For the past two weeks I have attempted to begin and complete one painting a day, ad so far, I am ecstatic to report that such attempts have been successful.
The initial reason for undertaking such a feat was simply attain a sense of solidarity and rhythm to my practice. But then it hit me that the very process of completing one painting a day comes with its own set of challenges which perhaps can be attached to a concept. It emerged that parallels existed between this energetic, hurried yet somehow hollow approach to making work and the processes involved in preparing and eating lunch: And so lunch, and the concepts that exist within lunch, have ultimately been attached to this particular strand of my practice.
Lunch is seemingly a diminished meal, it can consist of anything, and it has no definition, no identity and no authority. It can exist virtually any time in the afternoon and often exists whilst at a place of work. It is devoured over a desk, in the formal and contrived environment of a staff room, or purchased from an outlet and guzzled down on the move. Lunch has no lasting joy, but is penetrating within its own time frame.
This rushed experience of lunch is reflected and exploited in my work, whereby I have depicted the lunch I have eaten that day within the time it took to eat it: Therefore, captured in my ‘one painting a day’ is a superficial sense of vibrancy, without definition or authority. Brush-strokes contain energy without quality. Form is not fully realised and addresses the social disregard for lunch, relative to other meal times.
I have placed these works on my Timeline on my Facebook Page. This serves to further reflect the temporary and disposable nature of lunch: Timeline posts appear in news feeds instantly; they explode onto the screen and are readily accessible. However, the passing of time sees my post disappear from immediate regard – incessantly shifted into obscurity and replaced by new posts, from other individuals, all of which are interchangeable and often concern disposable social themes.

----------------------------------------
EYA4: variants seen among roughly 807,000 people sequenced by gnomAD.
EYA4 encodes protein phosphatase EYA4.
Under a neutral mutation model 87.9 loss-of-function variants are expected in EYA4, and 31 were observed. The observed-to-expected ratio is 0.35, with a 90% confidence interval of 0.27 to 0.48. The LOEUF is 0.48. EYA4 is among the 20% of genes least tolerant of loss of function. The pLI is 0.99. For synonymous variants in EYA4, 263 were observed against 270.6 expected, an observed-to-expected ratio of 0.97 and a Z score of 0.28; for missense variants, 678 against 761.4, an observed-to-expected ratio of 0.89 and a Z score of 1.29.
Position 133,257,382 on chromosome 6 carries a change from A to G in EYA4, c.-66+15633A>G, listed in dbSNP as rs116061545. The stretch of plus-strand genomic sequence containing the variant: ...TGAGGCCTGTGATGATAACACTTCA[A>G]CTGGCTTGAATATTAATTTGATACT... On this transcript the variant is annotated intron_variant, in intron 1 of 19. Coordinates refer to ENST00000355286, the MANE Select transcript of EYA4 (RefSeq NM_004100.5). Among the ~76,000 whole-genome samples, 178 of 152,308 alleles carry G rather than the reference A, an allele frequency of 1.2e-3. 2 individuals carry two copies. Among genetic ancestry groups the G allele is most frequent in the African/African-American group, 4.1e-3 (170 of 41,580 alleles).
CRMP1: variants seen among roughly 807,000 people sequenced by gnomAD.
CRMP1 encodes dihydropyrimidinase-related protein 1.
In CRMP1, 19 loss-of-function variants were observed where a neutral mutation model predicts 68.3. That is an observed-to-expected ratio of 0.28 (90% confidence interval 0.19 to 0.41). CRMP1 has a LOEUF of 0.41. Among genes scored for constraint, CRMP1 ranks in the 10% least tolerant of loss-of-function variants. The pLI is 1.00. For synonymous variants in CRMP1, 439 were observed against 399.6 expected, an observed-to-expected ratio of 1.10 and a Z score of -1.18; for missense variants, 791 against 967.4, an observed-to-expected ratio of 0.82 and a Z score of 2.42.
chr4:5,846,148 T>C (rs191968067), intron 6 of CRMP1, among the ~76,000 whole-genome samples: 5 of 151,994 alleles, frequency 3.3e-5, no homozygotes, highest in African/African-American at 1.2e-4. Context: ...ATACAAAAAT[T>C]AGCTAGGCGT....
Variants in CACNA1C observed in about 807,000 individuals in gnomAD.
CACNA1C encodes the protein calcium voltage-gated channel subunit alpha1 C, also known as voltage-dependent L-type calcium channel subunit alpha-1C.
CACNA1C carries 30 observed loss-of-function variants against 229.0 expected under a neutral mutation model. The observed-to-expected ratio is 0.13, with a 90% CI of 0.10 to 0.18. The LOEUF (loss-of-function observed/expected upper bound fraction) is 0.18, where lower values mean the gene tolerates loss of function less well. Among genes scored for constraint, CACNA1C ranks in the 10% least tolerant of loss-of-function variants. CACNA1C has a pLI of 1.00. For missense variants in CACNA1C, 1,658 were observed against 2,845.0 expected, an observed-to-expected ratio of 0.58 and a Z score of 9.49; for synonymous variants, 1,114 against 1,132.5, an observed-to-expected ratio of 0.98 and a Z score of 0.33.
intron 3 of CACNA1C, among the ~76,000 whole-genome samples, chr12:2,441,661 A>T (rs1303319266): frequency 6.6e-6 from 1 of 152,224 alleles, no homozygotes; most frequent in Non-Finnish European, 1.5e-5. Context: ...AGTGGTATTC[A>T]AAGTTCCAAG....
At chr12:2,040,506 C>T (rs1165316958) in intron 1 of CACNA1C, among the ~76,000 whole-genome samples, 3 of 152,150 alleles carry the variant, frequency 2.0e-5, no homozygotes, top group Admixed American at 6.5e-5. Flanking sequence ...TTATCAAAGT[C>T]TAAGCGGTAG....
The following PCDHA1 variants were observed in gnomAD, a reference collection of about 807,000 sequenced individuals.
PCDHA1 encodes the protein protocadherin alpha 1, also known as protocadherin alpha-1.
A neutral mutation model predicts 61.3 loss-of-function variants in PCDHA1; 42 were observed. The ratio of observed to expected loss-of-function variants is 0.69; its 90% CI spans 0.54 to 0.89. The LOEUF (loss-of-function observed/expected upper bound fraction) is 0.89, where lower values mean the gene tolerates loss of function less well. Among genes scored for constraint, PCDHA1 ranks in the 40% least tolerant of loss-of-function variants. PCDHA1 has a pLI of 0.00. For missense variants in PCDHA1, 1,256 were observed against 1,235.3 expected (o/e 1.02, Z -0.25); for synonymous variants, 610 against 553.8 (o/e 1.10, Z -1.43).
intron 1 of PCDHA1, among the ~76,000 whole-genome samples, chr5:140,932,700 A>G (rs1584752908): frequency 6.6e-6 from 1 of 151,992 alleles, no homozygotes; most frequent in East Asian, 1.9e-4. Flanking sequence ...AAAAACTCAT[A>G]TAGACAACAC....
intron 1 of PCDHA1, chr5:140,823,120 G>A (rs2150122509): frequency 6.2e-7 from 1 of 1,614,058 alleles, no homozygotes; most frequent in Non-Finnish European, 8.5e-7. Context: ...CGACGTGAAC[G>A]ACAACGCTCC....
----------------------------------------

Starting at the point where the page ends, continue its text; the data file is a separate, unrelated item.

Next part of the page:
So, think of my ‘one painting a day’ images the next time you attempt to gobble down your lunch whilst trying to brave the elements. And enjoy the penetrating yet fleeting burst of joy lunch time has to offer.
I love to criticise and bitch. It fills part of my moral conscious probably technically reserved for, I don’t know, being able to tolerate children. Problems with this, however, arise when reflecting upon my own practice: I am never fully satisfied with my work because I always seek to criticise my rate of conceptual progression. Upon completing a piece of work, the first thoughts that enter my mind are ‘well, ok, I’ve done that, what can I do now to further the idea? What’s next?’
I now find myself unsatisfied with simply making paints, and one direction I have been attracted to is the idea of converting the paint I have made back into food. This will add a substantial sense of narrative to my work, and highlight that, although food is able to transcend its original purpose, it also remains true to itself: It exists in a state of being between something old and something new.
‘Paint, Then Jam, Then Paint Again’
I see this as a fairly natural progression from the processes and connotations involved in making paint out of food, and there is something curiously indefinite about the whole process: I could spend the rest of my days concerning myself with converting food into paint, then back into food, then back into paint, then into food again until my blood vessels surrender and explode. But because I know that I can do this, there is no point, as professional development would become compromised and new, more engaging directions would not flourish.
So, what’s next?